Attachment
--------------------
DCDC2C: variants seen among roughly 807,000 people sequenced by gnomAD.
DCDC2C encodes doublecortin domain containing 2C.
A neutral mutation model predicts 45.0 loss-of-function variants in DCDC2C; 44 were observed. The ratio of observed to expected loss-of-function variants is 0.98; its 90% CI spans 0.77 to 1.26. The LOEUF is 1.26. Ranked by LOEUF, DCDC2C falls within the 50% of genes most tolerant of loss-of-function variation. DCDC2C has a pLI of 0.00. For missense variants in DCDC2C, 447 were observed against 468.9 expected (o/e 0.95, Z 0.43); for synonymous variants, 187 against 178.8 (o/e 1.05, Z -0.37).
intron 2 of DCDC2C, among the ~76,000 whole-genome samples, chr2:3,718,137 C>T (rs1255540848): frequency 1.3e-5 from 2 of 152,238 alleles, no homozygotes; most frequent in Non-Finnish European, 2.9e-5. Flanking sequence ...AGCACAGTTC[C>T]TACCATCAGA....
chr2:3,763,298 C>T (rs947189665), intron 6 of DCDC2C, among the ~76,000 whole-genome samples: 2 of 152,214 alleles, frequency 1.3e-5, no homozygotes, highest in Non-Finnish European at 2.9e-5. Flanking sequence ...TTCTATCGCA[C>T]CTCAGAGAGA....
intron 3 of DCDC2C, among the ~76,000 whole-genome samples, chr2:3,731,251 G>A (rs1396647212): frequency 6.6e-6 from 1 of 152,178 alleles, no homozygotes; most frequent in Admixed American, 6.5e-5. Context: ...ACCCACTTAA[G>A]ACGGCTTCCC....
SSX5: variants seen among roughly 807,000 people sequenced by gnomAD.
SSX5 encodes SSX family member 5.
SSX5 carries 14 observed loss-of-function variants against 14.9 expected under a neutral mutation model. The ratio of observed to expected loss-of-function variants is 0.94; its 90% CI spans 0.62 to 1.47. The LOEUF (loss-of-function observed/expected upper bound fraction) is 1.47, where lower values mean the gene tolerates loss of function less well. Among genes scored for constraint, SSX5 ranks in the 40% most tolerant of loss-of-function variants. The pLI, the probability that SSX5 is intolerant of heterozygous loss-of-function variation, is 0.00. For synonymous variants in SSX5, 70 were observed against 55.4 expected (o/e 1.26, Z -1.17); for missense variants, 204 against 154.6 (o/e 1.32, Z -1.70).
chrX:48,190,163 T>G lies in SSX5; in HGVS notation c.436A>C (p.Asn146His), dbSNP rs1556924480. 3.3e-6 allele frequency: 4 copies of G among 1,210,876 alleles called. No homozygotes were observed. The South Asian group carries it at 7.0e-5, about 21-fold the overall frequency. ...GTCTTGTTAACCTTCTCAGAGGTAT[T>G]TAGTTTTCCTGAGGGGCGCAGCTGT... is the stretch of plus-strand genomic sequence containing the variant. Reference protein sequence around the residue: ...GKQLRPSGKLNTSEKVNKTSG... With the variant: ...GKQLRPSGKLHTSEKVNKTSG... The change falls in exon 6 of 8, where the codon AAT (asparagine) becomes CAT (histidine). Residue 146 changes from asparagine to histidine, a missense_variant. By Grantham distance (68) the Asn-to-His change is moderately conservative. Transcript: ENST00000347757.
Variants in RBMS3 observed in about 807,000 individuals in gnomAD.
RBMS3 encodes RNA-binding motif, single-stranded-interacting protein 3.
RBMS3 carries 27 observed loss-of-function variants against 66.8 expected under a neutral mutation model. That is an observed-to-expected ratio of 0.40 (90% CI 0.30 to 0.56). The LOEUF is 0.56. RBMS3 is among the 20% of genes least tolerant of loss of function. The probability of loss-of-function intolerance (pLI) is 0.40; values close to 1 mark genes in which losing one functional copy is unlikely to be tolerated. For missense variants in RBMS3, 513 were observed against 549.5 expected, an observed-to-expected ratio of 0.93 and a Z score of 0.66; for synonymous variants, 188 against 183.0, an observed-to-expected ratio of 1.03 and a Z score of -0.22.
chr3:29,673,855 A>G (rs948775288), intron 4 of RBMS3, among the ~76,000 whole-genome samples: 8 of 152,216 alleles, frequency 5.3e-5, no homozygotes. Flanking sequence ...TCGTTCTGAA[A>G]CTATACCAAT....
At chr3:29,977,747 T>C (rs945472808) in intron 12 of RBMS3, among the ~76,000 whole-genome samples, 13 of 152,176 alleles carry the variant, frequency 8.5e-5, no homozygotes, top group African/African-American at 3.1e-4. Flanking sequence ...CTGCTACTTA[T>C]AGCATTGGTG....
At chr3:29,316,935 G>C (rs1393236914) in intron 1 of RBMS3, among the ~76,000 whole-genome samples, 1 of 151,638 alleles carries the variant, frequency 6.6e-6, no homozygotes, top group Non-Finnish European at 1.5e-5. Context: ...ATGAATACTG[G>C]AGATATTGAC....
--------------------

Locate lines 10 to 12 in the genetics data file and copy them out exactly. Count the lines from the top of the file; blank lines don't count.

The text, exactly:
chrX:48,190,163 T>G lies in SSX5; in HGVS notation c.436A>C (p.Asn146His), dbSNP rs1556924480. 3.3e-6 allele frequency: 4 copies of G among 1,210,876 alleles called. No homozygotes were observed. The South Asian group carries it at 7.0e-5, about 21-fold the overall frequency. ...GTCTTGTTAACCTTCTCAGAGGTAT[T>G]TAGTTTTCCTGAGGGGCGCAGCTGT... is the stretch of plus-strand genomic sequence containing the variant. Reference protein sequence around the residue: ...GKQLRPSGKLNTSEKVNKTSG... With the variant: ...GKQLRPSGKLHTSEKVNKTSG... The change falls in exon 6 of 8, where the codon AAT (asparagine) becomes CAT (histidine). Residue 146 changes from asparagine to histidine, a missense_variant. By Grantham distance (68) the Asn-to-His change is moderately conservative. Transcript: ENST00000347757.
Variants in RBMS3 observed in about 807,000 individuals in gnomAD.
RBMS3 encodes RNA-binding motif, single-stranded-interacting protein 3.